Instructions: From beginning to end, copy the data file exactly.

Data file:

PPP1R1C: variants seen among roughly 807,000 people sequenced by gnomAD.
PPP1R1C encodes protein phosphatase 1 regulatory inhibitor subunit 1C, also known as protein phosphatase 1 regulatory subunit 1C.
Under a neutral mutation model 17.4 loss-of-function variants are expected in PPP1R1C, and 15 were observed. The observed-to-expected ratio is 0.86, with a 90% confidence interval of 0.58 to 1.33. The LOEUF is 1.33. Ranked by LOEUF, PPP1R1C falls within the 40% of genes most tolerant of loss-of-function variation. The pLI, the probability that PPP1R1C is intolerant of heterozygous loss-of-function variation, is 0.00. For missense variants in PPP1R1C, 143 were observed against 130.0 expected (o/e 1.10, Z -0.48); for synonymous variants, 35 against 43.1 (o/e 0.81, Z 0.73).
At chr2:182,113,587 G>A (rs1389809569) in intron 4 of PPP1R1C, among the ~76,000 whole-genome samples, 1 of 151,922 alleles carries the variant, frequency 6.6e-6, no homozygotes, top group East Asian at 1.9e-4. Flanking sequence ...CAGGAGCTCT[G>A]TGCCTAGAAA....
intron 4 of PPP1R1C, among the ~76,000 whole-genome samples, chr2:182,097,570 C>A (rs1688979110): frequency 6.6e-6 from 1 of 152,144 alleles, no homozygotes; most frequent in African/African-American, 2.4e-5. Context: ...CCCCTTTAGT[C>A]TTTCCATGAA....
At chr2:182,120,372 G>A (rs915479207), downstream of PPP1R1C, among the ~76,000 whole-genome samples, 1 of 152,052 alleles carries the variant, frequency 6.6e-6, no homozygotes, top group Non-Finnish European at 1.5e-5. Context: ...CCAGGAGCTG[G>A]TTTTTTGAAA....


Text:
PPP1R1C: variants seen among roughly 807,000 people sequenced by gnomAD.
PPP1R1C encodes protein phosphatase 1 regulatory inhibitor subunit 1C, also known as protein phosphatase 1 regulatory subunit 1C.
Under a neutral mutation model 17.4 loss-of-function variants are expected in PPP1R1C, and 15 were observed. The observed-to-expected ratio is 0.86, with a 90% confidence interval of 0.58 to 1.33. The LOEUF is 1.33. Ranked by LOEUF, PPP1R1C falls within the 40% of genes most tolerant of loss-of-function variation. The pLI, the probability that PPP1R1C is intolerant of heterozygous loss-of-function variation, is 0.00. For missense variants in PPP1R1C, 143 were observed against 130.0 expected (o/e 1.10, Z -0.48); for synonymous variants, 35 against 43.1 (o/e 0.81, Z 0.73).
At chr2:182,113,587 G>A (rs1389809569) in intron 4 of PPP1R1C, among the ~76,000 whole-genome samples, 1 of 151,922 alleles carries the variant, frequency 6.6e-6, no homozygotes, top group East Asian at 1.9e-4. Flanking sequence ...CAGGAGCTCT[G>A]TGCCTAGAAA....
intron 4 of PPP1R1C, among the ~76,000 whole-genome samples, chr2:182,097,570 C>A (rs1688979110): frequency 6.6e-6 from 1 of 152,144 alleles, no homozygotes; most frequent in African/African-American, 2.4e-5. Context: ...CCCCTTTAGT[C>A]TTTCCATGAA....
At chr2:182,120,372 G>A (rs915479207), downstream of PPP1R1C, among the ~76,000 whole-genome samples, 1 of 152,052 alleles carries the variant, frequency 6.6e-6, no homozygotes, top group Non-Finnish European at 1.5e-5. Context: ...CCAGGAGCTG[G>A]TTTTTTGAAA....